Home Uncategorized Inadequate breastfeeding costs Nigeria $21bn annually —UNICEF

Inadequate breastfeeding costs Nigeria $21bn annually —UNICEF

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United Nation Children Fund
(UNICEF) has revealed that inadequate breastfeeding practice has caused the Nigerian
economy an estimated $21 billion per annum.
The children world governing body also revealed
that at least, 103,742 children died in Nigeria annually as a result of
inadequate breastfeeding, according to the United Nation Children Fund
(UNICEF).

UNICEF Nutrition Specialist, Mrs Ada Ezeogu
disclosed this at a 2-day Media Dialogue on Breastfeeding and Global Breastfeeding
Collective held in Ibadan, Oyo State, as part of activities marking the World
Breastfeeding Week.    
 The media dialogue
was organised by the Child Rights Information Bureau (CRIB) of the Federal
Ministry of Information and Culture in collaboration with UNICEF and sponsored
by the Department for International Development.  
Ezeogu said “the prevalence of exclusive
breastfeeding in children below the age of six months is only 17 per cent,
which means that at least 5.4 million children each year do not get the
powerful health and immunological benefits of breastfeeding.”
She explained that when cognitive losses and health
costs are added in, inadequate breastfeeding is estimated to cost the Nigerian
economy $21 billion per year, or 4.1 per cent of its Gross National Index
(GNI).
According to her, in a country with a high
under-five mortality rate and high birth rate, inadequate breastfeeding leads
to 103,742 child deaths each year which in turn translates into almost $12
billion in future economic losses for the country.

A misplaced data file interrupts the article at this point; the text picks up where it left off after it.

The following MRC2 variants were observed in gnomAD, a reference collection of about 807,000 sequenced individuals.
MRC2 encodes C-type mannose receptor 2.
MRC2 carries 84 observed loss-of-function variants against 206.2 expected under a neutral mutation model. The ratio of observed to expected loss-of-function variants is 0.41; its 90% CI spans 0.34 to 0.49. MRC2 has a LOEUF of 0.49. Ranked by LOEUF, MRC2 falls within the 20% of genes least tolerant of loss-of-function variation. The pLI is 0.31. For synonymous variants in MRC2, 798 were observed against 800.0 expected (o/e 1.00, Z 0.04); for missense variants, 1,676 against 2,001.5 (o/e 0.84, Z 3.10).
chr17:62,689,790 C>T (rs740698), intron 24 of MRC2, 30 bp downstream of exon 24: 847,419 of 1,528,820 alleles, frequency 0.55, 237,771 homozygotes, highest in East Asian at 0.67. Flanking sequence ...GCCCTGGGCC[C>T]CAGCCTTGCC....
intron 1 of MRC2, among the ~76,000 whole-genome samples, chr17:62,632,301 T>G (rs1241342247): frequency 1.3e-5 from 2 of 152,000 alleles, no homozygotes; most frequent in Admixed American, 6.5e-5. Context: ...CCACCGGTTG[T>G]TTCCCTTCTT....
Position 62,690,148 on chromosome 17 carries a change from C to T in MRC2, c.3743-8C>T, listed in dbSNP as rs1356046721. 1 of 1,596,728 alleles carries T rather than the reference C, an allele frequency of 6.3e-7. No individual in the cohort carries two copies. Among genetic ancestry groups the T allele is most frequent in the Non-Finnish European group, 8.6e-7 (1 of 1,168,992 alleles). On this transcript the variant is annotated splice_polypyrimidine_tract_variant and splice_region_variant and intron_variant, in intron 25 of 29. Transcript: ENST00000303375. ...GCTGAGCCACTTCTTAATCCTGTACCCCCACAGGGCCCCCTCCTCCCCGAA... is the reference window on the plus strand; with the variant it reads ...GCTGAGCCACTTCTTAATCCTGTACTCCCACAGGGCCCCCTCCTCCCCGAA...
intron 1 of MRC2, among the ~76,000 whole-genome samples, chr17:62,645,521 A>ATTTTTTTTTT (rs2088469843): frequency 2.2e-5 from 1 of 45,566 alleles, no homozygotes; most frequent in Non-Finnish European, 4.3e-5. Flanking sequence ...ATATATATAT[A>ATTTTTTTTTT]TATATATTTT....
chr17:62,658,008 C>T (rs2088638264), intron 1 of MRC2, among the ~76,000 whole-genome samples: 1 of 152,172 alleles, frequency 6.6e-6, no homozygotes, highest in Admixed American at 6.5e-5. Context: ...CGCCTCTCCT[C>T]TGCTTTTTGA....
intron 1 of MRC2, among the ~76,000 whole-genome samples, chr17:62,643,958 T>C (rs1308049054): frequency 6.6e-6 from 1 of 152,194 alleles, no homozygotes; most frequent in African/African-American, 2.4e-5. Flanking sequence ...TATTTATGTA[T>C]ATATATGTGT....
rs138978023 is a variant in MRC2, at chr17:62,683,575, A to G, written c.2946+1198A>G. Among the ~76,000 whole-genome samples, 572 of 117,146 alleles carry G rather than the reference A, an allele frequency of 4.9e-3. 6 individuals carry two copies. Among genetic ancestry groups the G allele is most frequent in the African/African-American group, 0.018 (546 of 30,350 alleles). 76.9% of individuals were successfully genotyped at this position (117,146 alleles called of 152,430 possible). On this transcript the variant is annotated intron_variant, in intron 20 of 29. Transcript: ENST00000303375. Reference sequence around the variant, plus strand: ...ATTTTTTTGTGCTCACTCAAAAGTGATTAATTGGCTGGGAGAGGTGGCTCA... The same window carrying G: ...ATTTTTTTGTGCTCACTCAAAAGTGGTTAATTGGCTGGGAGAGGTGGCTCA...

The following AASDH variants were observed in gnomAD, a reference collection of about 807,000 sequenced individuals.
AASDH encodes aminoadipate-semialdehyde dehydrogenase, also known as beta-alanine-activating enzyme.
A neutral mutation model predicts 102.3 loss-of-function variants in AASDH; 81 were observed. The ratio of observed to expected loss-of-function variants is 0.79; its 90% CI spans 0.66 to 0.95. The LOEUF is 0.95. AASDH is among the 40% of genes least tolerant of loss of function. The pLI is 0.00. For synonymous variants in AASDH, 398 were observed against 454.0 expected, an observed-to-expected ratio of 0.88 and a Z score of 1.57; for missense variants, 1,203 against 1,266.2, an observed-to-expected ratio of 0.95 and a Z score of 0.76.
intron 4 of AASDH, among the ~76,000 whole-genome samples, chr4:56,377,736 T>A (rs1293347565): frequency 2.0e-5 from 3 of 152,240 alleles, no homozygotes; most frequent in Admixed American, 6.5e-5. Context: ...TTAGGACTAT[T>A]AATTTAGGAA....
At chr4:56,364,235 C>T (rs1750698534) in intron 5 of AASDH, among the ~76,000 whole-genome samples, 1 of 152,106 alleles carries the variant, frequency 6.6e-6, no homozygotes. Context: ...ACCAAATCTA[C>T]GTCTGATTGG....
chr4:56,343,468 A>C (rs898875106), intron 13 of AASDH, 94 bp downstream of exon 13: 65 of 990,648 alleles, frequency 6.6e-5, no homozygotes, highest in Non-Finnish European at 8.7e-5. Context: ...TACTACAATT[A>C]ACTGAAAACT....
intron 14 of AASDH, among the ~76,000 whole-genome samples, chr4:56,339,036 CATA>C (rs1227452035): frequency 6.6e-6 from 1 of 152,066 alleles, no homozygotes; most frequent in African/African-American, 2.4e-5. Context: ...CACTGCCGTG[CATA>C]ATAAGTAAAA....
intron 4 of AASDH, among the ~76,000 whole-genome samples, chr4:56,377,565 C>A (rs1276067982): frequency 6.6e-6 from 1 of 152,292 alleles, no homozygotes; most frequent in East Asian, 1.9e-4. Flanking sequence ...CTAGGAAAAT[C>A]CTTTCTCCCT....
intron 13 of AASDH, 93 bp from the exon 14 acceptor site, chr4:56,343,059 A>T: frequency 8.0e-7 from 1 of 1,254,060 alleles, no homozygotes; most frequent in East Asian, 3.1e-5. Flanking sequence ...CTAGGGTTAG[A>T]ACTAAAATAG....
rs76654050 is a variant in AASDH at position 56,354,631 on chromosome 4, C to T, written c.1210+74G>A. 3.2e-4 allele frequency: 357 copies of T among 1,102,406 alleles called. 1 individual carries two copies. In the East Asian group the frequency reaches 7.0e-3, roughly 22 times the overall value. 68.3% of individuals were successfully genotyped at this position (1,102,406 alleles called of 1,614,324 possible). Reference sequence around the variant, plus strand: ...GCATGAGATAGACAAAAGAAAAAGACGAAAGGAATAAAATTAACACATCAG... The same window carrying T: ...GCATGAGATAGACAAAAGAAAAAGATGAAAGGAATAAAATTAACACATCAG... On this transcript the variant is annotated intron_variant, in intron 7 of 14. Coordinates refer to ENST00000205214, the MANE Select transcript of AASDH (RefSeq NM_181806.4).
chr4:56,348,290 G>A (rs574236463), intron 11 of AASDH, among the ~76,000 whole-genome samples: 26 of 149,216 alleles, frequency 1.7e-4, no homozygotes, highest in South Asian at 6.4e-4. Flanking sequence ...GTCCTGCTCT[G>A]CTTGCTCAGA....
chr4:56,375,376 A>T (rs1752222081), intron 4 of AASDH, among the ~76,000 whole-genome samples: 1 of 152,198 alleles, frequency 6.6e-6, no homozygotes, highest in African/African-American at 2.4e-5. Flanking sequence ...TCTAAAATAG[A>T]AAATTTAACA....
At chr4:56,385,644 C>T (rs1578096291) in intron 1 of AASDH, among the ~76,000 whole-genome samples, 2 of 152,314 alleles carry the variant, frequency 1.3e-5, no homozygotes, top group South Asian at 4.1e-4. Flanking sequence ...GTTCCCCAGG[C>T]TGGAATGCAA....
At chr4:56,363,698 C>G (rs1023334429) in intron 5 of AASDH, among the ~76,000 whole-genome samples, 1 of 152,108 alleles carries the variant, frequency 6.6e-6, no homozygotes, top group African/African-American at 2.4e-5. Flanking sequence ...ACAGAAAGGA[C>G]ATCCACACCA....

Ezeogu enumerated the necessary actions and steps required to enhance
successful breastfeeding and charged health care providers to give adequate
attention to issues of breastfeeding.
In his remarks at the media
dialogue, The Minister of Information and Culture, Alhaji Lai Mohummed charged
the media to step-up public enlightenment on optimal breastfeeding of babies to
prevent infant mortality and produce healthy and intelligent
children.    
The Information Minister
who was represented by the Assistant Director, Child Rights Information Bureau,
Mr Olumide Osanyinpeju urged journalists to assist in educating and sensitizing
the public on the need to ensure optimal breastfeeding of infants.
The Minister said it has
become very necessary to propagate optimal breastfeeding in the country and
that government and all stakeholders must take necessary actions propagate
optimal breastfeeding.
According to him, “there is
need for all to rise up for the propagation, as early breastfeeding can make
the difference between life and death. Government alone cannot fight this
cause, hence, the need for collaboration with agencies, NGOs and other partners
and organizations to advocate on how best to address the issue.”  
In his remarks, the UNICEF
Chief of Akure Field office said this year’s edition of the annual world
breastfeeding week with the theme “Sustaining Breastfeeding Together” was a
significant event to promote breastfeeding.
Tejinder said breastfeeding
helps provide children with the healthiest start to life. He explained that
breastfeeding also acts as the child’s first vaccine by providing
antibodies. 
His words “Breastfed
children have at least 6 times greater chance of survival in the early months
than non-breastfed children. An exclusively breastfed child is 14 times less
likely to die in the first six months than a non-breastfed child.”
UNICEF Communication Officer, Mrs Blessing Ejiofor said the dialogue was
aimed at creating opportunities for informed media advocacy on breastfeeding
and issues of children’s well-being and survival in Nigeria.
According to her, “the dialogue is to provide journalists with more
information and materials to hold government accountable to its responsibility
to promote breastfeeding”
UNICEF Communication Specialist, Mr Geoffrey Njoku said the dialogue was
designed to equipped journalists with necessary information through in-depth
and analytical presentations on the subject matter to prevail on the government
to expedite action on low level of breastfeeding in Nigeria.
Njoku said “there is need for aggressive reportage on breastfeeding with
focus on increasing government funding to increase the rate of breastfeeding in
Nigeria.”
Also, the Assistant Chief Nutrition Officer at the Federal Ministry of
Health, Mrs Rakiyat Idris said the federal government has put necessary
policies in place to support family development and that the government would
not relent in promoting optimal breastfeeding.

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